In our reading from Deuteronomy, God tells his people to choose life. “See, I set before you today life and good, death and evil (or life and prosperity, death and destruction).” “Now choose life.” (Deut. 30:15, 19)
He means life with God: life that leans on the covenant and the promises of God; a life of love with God. The truth is that the other kind of life is not truly life; not fully alive. To choose something other than a life of love with God is to choose death.
The danger that God’s people were in was that they were not happy wanderers. They had not truly chosen life.
Yet they were on the brink of entering the Promised Land. It was the land where they would have the freedom to live fully as the people who were faithfully loved by God. But they wanted something else.
They were loved by God, but they weren’t happy with God; at least not unless they could change him into the kind of God they wanted him to be. This is part of the reason why, all the way to the Promised Land, and all through their long detours, they were not happy wanderers.
The great story of the Bible is full of wanderers. Abraham and his family wandered around the edges of the Promised Land, but never really entered in to make it home. But they wandered the edges of home, as if they were spying through the windows of someone else’s house. They had been told that the house would belong to them, someday. They did their spying while they wandered with God, in faith and hope.
The evidence is that they were not always happy, but they always remembered that they belonged to the God who described himself as belonging to them. He was the God who was never ashamed to call himself “the God of Abraham, the God of Isaac, and the God of Jacob”. When they were restless and unhappy it was only because they dearly wanted to see the promises of this God come true in their time.
The people of God who wandered through the desert with Moses were restless because they dearly wanted to go back to their lives as slaves. They didn’t want the freedom and the risk that comes through faith, and they wanted to be owed something by someone.
That is why they were attracted to idol worship. The gods represented by the idols were gods you could bargain with. They would owe you something if you gave them something.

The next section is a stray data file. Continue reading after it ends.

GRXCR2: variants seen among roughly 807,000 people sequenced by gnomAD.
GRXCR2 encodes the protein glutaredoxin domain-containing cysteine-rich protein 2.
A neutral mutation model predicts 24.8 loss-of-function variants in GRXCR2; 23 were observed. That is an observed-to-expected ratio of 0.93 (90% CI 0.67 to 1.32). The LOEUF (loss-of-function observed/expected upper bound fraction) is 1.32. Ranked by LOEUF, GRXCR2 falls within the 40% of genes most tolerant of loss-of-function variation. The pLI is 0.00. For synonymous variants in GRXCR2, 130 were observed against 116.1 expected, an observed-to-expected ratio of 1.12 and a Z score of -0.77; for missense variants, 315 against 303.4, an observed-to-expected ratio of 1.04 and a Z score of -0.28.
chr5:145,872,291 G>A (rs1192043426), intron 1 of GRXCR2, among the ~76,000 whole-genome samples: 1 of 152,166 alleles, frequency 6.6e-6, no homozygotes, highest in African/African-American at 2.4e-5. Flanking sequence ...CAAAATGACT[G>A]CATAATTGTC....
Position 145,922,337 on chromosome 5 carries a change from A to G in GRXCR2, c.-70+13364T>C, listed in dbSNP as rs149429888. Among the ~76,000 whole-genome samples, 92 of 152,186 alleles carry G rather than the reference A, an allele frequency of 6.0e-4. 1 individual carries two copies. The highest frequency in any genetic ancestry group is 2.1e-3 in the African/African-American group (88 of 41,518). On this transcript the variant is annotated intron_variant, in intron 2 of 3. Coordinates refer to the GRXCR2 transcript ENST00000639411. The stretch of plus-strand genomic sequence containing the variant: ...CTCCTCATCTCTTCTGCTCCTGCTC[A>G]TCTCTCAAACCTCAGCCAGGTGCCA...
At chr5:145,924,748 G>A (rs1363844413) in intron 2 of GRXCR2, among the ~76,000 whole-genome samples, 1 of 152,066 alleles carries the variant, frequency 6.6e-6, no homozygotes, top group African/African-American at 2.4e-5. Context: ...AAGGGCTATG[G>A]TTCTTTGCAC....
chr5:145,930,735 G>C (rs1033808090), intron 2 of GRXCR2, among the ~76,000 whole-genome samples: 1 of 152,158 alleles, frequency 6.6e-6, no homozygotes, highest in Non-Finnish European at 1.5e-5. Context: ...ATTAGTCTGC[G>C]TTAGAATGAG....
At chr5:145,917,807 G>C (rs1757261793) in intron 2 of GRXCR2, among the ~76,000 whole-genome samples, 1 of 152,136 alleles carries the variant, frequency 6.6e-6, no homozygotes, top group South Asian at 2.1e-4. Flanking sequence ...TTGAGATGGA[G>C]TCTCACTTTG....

The first time God’s people stood on the border of the Promised Land they got scared. The freedom of a land of faith was almost within sight. But God gave them no other way to enter that land except by the risk that seems to come with faith. They were too scared to choose faith and the life that comes with it.
The land itself was a covenant. It was a promise. They had to enter the promise as if it were a gift through faith, and not as the gift of something that was owed to them. They would have to choose to live their way into that land, and not just walk into it. They would have to choose life.
Instead they chose fear, and grumbling, and anger. They would prefer to choose the life of a slave: the fear of the lash, the grumbling under a task-master; and the anger of injustice and being forced to be, in some essential way, less than human, less than themselves, less than alive.
The only good thing about slavery was that it didn’t demand you to go forth and live. It didn’t require faith, or hope, or love.
The odd thing about human nature is that, according to the Bible, we went wrong, back in the beginning, when we wanted to be like God. We wanted to have the knowledge of good and evil so that we could choose our own standards and choose our own way in the world.
The wish to be a god doesn’t seem like the wish to be a slave, but the desire to be free from the need to have faith in another, or hope in another, or be bond in love to another is a kind of slavery. Doesn’t it ring true that being your own god is the same thing as idol worship? And they did worship idols when they were slaves in Egypt? (Joshua 24:13)
Running away from the choice of faith, hope and love based on another (the choice of commitment) is a way of running from life. It is a way of choosing death.
I think that the people who seem to wander away from God and from others (even when they seem to choose to live with an intense and ferocious freedom), are often simply reacting to something. They are reacting with a kind of fear, or grumbling, or anger at what they think that a relationship with God or with others might require of them.